And God said,
Let there be lights in the firmament of the heaven,
to divide the day from the night:
and let them be for signs and for seasons,
and for days and years.
— Genesis 1:14
I still remember the day I realized what the planets and stars were actually for. I don’t know how many times I’d read that verse in Genesis without realizing that the heavens were something akin to a ginormous clock. I still wonder why. Surely there were subtler or simpler ways to mark the march of time. And yet God chose to do something huge and amazing — something that we humans could think about and learn about for thousands of years, and never come to the end of its marvels.
This subsection of The Liberal Arts Tradition misses the mark a bit, I think. (I can say this because you all know I love the book, right?) I didn’t come away thinking I had read a good argument for studying astronomy with my students, and that was what I was hoping for. Instead, the focus was on the history of astronomy’s development as a science, and its relationship to how we do science now. It was about the ongoing debate in science between realism and nominalism, which is a conversation we should introduce our students to before they leave home.
I get it, and I don’t disagree.
It’s just that I’m not sure we’d really need to study actual astronomy for that. Instead, we could study its history, and we’d be good.
But we’d miss the four W’s that Ravi Jain has so enthralled us all with (wonder, work, wisdom, and worship). If we think about it for more than two seconds, it’s very obvious they all apply here. Even the most ardent atheist feels a bit inclined to worship after a night under the stars in Joshua Tree! It’s a tough heart indeed that isn’t softened by a glance at a clear night sky. I think that’s why Jay Ryan, author of Signs and Seasons, wrote:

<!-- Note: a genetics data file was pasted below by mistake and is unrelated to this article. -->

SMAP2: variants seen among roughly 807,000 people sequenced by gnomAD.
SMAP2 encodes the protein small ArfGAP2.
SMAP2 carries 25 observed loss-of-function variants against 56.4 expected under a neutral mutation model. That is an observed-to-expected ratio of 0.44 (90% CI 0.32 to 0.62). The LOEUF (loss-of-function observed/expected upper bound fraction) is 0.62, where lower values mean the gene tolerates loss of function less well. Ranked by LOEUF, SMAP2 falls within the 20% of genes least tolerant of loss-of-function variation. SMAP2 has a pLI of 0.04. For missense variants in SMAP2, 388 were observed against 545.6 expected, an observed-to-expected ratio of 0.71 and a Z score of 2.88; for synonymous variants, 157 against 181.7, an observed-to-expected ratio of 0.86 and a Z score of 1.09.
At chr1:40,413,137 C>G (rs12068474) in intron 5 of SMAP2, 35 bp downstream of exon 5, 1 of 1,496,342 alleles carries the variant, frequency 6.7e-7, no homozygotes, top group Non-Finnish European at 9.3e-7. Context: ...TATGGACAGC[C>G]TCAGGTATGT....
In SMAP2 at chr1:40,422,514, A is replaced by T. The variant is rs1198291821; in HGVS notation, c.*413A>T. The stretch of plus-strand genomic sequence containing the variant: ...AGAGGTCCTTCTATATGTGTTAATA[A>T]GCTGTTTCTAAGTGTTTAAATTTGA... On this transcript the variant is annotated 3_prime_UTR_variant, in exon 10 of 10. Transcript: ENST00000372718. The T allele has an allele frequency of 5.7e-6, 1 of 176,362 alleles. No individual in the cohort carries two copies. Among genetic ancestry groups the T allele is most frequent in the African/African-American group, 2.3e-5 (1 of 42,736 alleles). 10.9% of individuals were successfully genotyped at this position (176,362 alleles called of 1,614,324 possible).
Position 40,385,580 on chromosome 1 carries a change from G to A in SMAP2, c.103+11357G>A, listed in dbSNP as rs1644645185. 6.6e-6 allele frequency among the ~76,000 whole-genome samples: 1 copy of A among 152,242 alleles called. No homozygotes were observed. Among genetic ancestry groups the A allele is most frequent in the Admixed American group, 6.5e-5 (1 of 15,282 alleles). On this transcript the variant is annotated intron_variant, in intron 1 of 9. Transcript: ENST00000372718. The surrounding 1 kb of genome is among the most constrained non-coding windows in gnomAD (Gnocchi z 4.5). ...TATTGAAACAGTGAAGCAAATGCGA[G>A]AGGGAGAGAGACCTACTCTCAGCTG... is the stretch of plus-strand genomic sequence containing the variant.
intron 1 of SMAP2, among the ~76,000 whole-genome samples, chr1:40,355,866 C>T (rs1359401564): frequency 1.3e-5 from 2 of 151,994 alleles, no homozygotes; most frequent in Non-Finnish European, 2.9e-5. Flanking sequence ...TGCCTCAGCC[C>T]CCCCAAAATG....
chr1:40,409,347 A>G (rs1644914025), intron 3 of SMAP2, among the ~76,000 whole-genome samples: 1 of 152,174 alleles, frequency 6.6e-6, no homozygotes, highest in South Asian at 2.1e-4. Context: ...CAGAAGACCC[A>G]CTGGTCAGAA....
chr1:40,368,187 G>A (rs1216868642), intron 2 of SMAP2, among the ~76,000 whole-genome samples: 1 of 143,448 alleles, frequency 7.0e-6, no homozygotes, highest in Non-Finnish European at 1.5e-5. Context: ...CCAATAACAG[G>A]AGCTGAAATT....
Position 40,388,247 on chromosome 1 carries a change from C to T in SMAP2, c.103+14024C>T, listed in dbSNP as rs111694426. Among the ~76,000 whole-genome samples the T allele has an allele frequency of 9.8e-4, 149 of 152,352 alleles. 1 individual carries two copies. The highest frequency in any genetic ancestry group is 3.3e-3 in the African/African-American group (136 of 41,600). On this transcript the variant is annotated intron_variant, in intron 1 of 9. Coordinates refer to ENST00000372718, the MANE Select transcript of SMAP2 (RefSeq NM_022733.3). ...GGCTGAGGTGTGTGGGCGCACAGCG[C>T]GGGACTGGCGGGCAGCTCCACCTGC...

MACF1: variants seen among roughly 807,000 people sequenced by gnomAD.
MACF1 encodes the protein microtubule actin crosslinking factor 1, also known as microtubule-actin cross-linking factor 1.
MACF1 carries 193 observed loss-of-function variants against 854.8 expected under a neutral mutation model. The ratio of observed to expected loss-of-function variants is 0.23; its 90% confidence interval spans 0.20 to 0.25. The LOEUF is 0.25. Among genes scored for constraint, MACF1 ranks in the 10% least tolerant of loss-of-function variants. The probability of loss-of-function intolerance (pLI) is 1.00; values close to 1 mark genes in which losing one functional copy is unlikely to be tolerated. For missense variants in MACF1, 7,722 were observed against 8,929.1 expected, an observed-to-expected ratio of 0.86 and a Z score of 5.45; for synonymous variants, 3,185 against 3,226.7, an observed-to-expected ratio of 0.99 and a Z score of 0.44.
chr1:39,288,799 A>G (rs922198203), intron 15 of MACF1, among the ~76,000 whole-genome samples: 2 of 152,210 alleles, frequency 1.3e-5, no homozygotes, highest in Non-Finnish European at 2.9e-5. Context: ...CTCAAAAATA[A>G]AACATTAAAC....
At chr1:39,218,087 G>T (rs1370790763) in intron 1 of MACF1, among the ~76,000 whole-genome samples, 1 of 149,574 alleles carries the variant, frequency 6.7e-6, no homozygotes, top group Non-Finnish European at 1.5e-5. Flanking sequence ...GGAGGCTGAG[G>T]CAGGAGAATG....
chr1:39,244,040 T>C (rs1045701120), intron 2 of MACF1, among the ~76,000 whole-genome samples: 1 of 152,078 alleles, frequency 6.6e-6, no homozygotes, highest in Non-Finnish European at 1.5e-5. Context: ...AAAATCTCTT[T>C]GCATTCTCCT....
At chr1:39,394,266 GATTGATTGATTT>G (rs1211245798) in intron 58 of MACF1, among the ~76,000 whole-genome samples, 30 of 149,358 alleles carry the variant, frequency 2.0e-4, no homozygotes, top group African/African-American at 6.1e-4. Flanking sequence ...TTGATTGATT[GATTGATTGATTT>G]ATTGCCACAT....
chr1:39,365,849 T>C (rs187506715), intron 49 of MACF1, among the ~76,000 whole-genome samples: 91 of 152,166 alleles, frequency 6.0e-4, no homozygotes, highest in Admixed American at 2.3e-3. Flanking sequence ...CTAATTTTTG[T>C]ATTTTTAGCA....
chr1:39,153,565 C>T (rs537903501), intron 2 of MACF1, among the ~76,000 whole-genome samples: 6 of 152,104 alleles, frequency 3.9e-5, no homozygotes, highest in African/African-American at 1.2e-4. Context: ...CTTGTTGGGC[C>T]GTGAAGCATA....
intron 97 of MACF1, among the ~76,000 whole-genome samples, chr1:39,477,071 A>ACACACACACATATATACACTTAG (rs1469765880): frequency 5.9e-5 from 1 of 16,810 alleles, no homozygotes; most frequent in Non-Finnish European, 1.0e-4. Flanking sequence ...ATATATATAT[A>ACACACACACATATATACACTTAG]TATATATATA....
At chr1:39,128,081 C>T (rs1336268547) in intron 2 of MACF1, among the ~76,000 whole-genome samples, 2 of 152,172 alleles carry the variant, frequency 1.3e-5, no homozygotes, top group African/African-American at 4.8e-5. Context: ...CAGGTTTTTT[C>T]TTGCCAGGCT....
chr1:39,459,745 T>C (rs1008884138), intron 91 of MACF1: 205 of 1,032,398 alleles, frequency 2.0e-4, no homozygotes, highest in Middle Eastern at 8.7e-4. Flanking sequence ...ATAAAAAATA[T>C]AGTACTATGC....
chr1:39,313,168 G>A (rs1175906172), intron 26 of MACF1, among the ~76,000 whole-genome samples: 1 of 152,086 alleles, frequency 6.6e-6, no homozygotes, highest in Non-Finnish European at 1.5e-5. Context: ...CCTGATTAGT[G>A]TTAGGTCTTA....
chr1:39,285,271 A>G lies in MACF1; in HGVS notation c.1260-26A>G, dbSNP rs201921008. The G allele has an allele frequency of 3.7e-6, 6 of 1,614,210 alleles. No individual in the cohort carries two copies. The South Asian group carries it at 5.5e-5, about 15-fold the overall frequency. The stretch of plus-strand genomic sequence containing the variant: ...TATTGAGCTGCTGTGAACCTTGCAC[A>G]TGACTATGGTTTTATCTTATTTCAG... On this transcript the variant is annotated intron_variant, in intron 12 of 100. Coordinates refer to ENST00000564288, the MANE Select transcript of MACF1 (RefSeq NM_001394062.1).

There is no better way to instill curiosity in a child than to teach them to observe their world …
Of course, Miss Mason doesn’t say a whole lot about astronomy in particular. She simply does. it. We know this because there are exam questions on the subject. Still, this is yet another tie between Charlotte Mason and the classical tradition — both include astronomy.
We use Signs and Seasons, as many of you know. The author was kind enough to write a couple posts here on Afterthoughts, and I think that the most pertinent one for today is Why Charlotte Mason Families Should Study Astronomy. You should go read it, of course. 😉 Along with that, you might also be interested in my review of sorts regarding Signs and Seasons, and also Jay Ryan’s second post, called Using Signs and Seasons with Charlotte Mason Families.
But before you do, here is my one opinion regarding the study of astronomy that I have not already mentioned here on the blog. I have thought a lot about the quadrivium. With arithmetic and geometry, it is sometimes difficult to get a child to experience the wonder of it. I have one child that I often feel unable to reach in this regard.With music, some children get lost in the technical aspects. But astronomy is physical and therefore tangible — unless you are blind, the wonder is immediately available to you, no matter who you are. Of course, here we are referring to naked-eye astronomy, which is what Signs and Seasons is all about, and why I like it so much. Why modern textbooks think that astronomy is an indoor endeavor is beyond me!
All of that is to say that I wouldn’t spend too much time thinking about doing astronomy. Just go do it. Go figure out the sky with your children. The awe-factor will be almost immediately apparent.
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